It is the conditioning of the Agniveer that merits attention

Incorporating the Agniveers seamlessly into the milieu of military units is linked to unit commanders being clear about the challenges

Updated - February 23, 2024 08:57 am IST

Published - February 23, 2024 12:08 am IST

‘The government should consider introducing a test of ‘psychology’ as part of the recruitment process’

‘The government should consider introducing a test of ‘psychology’ as part of the recruitment process’ | Photo Credit: AP

The government’s move to introduce a reform in defence policy, by changing the way young men and women are recruited to the Indian armed forces was a surprise. The Agnipath scheme, as it is known, was announced on June 14, 2022, and is in force with the initial batch of Agniveers, as these young men and women are called, already inducted in armed forces units after completion of their recruit training.

The scheme runs on a short-service manpower model, where 75% of the recruited soldiers will leave the service in four years. However, 25% of them will be allowed to continue. There are strong indications that the retention in service is likely to be enhanced to 50%. However, the government has still to take an official stand on this. The scheme has drawn criticism, especially from the veteran community, citing several grounds. The veterans have expressed their disapproval mainly due to the sense of belonging that they continue to nurture towards the organisation that they served in, and not for any partisan leanings. The armed forces are unique in the sense that the serving community always looks up to the veterans as a guiding light, in the true sense of regimentation.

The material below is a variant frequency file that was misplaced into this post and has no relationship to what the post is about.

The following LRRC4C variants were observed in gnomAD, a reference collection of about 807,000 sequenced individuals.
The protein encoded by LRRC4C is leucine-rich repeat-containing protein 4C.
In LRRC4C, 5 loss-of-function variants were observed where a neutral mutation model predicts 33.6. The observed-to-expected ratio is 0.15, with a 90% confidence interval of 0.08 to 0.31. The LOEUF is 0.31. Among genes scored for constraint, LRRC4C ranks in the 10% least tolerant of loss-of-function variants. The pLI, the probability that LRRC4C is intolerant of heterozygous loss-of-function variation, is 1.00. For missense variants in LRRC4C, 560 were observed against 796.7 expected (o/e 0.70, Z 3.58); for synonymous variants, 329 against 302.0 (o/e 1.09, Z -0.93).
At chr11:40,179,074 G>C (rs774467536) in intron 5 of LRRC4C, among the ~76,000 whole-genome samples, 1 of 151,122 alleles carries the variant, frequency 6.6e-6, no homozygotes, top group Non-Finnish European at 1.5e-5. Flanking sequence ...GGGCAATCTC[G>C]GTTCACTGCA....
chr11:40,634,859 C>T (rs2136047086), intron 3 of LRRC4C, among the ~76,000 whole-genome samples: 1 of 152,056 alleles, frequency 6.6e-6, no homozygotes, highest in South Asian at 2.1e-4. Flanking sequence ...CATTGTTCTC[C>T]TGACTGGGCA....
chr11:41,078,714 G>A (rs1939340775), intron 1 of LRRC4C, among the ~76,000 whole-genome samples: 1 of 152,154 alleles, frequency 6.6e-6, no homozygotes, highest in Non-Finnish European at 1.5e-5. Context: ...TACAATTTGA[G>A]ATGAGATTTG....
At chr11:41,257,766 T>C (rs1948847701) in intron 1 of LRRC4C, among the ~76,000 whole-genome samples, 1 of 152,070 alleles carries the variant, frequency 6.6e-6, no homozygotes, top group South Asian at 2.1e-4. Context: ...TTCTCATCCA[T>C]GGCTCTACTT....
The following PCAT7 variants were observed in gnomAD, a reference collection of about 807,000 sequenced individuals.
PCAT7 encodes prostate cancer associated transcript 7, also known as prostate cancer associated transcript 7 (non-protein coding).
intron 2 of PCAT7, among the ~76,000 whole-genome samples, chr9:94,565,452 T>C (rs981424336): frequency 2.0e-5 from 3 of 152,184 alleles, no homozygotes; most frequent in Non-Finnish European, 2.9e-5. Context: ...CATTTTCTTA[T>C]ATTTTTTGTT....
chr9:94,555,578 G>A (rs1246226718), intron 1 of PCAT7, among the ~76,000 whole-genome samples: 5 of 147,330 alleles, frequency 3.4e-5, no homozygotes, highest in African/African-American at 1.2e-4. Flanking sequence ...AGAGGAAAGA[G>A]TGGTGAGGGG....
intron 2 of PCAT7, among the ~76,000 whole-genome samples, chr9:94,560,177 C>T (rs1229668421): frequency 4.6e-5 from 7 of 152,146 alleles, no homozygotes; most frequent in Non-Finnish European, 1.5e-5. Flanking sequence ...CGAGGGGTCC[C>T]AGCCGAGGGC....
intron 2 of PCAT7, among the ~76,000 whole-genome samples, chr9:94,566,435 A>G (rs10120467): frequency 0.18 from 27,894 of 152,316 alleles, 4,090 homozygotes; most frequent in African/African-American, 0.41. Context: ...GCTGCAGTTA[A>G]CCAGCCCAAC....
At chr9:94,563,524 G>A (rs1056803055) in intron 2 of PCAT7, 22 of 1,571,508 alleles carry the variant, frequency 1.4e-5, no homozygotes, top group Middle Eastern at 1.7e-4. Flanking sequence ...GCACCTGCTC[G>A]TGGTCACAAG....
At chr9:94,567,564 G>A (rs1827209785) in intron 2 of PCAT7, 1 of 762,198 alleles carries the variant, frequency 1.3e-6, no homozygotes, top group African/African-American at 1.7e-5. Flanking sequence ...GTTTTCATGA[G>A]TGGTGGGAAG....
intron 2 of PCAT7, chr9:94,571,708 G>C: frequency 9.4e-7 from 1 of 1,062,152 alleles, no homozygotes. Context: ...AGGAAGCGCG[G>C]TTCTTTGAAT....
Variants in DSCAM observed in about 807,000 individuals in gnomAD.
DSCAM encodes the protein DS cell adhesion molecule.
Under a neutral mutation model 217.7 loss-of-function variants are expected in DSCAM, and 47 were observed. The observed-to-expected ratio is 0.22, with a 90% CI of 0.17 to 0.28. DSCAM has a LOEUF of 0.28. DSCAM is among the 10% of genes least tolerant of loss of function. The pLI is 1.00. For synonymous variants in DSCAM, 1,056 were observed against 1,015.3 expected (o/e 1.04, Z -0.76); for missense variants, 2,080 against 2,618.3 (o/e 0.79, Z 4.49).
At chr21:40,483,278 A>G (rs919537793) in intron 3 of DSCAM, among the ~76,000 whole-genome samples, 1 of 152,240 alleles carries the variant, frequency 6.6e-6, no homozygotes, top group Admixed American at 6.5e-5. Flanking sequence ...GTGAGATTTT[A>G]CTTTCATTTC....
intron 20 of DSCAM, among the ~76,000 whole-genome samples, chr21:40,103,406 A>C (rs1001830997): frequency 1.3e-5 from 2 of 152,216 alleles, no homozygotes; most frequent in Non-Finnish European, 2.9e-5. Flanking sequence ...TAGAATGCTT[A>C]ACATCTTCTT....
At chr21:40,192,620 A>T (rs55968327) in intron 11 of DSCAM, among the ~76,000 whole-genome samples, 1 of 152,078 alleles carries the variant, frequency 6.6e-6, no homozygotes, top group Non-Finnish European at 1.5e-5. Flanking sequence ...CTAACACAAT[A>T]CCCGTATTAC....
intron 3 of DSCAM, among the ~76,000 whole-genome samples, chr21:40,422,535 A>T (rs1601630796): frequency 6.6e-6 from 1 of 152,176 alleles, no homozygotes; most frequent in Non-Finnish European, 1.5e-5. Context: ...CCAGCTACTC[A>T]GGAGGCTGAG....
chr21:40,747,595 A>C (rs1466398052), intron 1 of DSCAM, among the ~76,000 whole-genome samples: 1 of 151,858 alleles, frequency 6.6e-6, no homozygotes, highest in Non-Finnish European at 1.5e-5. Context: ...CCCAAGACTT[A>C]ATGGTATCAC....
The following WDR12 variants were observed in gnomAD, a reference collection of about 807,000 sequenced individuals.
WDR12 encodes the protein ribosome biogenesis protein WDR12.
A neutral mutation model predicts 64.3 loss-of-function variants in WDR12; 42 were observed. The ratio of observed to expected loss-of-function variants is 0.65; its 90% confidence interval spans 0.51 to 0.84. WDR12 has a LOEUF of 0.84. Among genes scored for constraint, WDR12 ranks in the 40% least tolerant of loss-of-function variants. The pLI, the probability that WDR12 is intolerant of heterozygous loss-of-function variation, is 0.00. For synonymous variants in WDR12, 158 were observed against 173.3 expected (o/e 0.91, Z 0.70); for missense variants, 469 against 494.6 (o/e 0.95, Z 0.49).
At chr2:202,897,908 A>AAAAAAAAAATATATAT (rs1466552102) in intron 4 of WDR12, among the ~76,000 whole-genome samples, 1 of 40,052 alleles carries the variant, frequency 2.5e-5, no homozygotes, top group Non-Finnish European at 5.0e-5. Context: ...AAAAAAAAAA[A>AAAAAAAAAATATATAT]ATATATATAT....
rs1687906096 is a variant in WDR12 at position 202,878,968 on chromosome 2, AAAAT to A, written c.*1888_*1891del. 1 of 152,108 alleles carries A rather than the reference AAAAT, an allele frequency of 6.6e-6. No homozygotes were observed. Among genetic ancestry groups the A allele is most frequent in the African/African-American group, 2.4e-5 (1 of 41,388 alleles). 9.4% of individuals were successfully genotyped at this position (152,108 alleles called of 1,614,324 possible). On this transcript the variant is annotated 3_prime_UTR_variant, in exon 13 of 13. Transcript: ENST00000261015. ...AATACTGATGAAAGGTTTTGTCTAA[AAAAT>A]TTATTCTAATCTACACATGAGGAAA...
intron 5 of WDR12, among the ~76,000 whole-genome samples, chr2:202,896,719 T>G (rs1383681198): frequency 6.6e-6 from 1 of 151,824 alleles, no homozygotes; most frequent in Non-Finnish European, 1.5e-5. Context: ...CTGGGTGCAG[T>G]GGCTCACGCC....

Still early days

Notwithstanding these points and since the ship called Agnipath has already set sail and is into its voyage, a stocktaking of the challenges at hand is necessary. The initial feedback on Agniveers from the units in terms of motivation levels, intelligence, physical standards is by and large positive. However, it is too early to attempt any fair assessment on the pros and cons.

In order to seamlessly incorporate the Agniveers into the milieu of military units, it is important that the respective unit commanders are clear about the challenges ahead. These challenges are beyond the individual capacities of the Agniveers, in which they are likely to excel for the sake of being retained. The challenges are more intangible in nature and warrant the attention of the leaders.

A military unit is eventually expected to deliver when it is in combat. Preparations for the desired outcomes in the face of an adversary have to go on relentlessly and do not wait for testing combat situations. As the cliché goes, ‘only a good dressing room atmosphere can ensure the players perform well during the game’. Similarly, the unit commanders will have to focus on the psychological assimilation of the Agniveers into the unit fabric and ensure that they are moulded into becoming effective team players.